The German Law Journal is pleased to announce the publication of the November issue “Constitutional Dimensions of the Refugee Crisis.”
These are tumultuous times. That only makes reasoned and reasonable debate more necessary than ever. This is especially true of the question of migration, which seems to be the flashpoint of our new malaise. President-elect Trump has his “big, beautiful wall.” Presidential candidate Le Pen has the provocation that “they are trying to replace us.” Party Chairwoman Petry has her “colorful compost heap.” Questions about migration and integration will drive the political discourse long after all the votes are counted and the public offices have been distributed.
In this climate the German Law Journal is proud to offer this special issue. The collection—assembled by GLJ board members Jürgen Bast and Matthias Goldmann—tackles the topic head-on and from a rich variety of perspectives, including the diverse systems under consideration and the varying ideological approaches the contributors take to this contentious issue.
This special issue also concludes theJournal’s German Law in Context Program, which has examined Europe’s refugee crisis in a series lectures, discussions, and film-screenings across the last months. As part of that program, and to expand the discussion connected with this excellent collection of articles, several of the contributors will participate in a panel discussion at 12.00 (EST) on Monday, 28 November 2016. Please join the conversation:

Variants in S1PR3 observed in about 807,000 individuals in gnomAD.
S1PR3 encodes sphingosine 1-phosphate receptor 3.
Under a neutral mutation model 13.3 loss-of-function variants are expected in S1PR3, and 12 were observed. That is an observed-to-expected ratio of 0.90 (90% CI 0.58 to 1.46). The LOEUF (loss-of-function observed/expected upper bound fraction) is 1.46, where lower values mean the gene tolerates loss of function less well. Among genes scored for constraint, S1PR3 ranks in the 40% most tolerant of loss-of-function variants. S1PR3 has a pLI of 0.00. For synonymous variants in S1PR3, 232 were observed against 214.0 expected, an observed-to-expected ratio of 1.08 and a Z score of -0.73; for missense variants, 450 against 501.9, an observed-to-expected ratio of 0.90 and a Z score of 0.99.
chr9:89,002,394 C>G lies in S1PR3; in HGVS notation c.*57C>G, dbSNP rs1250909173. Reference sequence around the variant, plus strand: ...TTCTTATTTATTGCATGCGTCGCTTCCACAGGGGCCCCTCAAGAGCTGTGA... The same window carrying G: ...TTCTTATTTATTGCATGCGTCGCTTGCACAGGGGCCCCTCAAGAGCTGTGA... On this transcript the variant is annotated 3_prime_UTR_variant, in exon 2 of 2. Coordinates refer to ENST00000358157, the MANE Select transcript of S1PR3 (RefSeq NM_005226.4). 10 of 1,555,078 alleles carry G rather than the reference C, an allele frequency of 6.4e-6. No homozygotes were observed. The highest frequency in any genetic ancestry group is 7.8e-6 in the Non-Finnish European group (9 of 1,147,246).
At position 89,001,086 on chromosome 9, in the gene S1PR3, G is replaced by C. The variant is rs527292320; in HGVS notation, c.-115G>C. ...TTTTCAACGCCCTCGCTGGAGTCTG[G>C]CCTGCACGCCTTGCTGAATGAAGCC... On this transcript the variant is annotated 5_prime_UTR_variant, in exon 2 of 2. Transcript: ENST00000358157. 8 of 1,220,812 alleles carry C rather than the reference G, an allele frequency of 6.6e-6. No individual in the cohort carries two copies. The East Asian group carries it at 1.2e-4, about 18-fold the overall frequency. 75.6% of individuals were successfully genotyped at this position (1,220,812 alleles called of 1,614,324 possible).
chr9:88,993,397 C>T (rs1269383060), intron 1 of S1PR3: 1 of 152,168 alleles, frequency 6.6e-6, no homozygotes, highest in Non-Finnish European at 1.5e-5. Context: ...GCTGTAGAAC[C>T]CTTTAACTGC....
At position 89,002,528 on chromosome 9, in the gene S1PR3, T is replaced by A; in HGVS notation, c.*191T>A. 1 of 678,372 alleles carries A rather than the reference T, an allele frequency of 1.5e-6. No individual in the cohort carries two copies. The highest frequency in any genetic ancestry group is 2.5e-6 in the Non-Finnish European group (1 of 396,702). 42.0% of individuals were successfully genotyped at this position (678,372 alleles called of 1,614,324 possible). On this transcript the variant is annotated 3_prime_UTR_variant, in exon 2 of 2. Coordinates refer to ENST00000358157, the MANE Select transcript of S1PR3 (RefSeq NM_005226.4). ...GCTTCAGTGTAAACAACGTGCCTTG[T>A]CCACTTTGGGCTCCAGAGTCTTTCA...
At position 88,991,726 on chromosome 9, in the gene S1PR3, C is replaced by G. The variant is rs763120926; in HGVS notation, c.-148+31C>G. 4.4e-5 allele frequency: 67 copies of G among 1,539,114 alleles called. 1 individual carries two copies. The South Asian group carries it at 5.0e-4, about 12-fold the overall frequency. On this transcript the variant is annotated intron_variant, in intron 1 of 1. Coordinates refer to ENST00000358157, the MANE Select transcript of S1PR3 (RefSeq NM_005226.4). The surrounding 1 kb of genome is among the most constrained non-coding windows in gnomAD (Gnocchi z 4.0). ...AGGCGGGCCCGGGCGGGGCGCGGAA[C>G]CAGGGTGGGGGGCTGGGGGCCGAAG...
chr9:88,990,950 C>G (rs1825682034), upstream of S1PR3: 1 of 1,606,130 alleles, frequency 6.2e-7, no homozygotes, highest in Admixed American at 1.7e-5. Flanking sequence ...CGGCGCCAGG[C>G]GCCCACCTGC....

Special issues, like those we have published in 2016 (Corrupt Practices; Brexit Supplement; Democracy and the Financial Order), are a central part of theJournal’s coverage of “developments in German, European, and International jurisprudence.” Looking ahead to Volume 18, we are thrilled to have a number of excellent special issues planned, including “Persons/Things” (from guest editor Toni Selkälä) and “Immigration, Citizenship, and Constitutional Identity” (from guest editors Jürgen Bast and Liav Orgad). And we announce today a call for proposals for special issues that will appear in Volume 19 (2018).
As we head into the distracting and sometimes overly-demanding winter season, we wish our faithful contributors and readers peace, and the comfort that comes from the confidence that our communities are animated by a commitment to justice, tolerance, and empathy. And, as always, we wish you “happy reading.”
Editor-in-Chief, German Law Journal
Join the Conversation
of the Refugee Crisis”
- Send questions for the panelists to consider to the following email no later than 17.00 (EST) on Friday, 25 November 2016: firstname.lastname@example.org
- Follow the live webcast of the panel discussion at 12.00 (EST) on Monday, 28 November 2016: https://livestream.com/wlu/german-law-journal-symposium-2016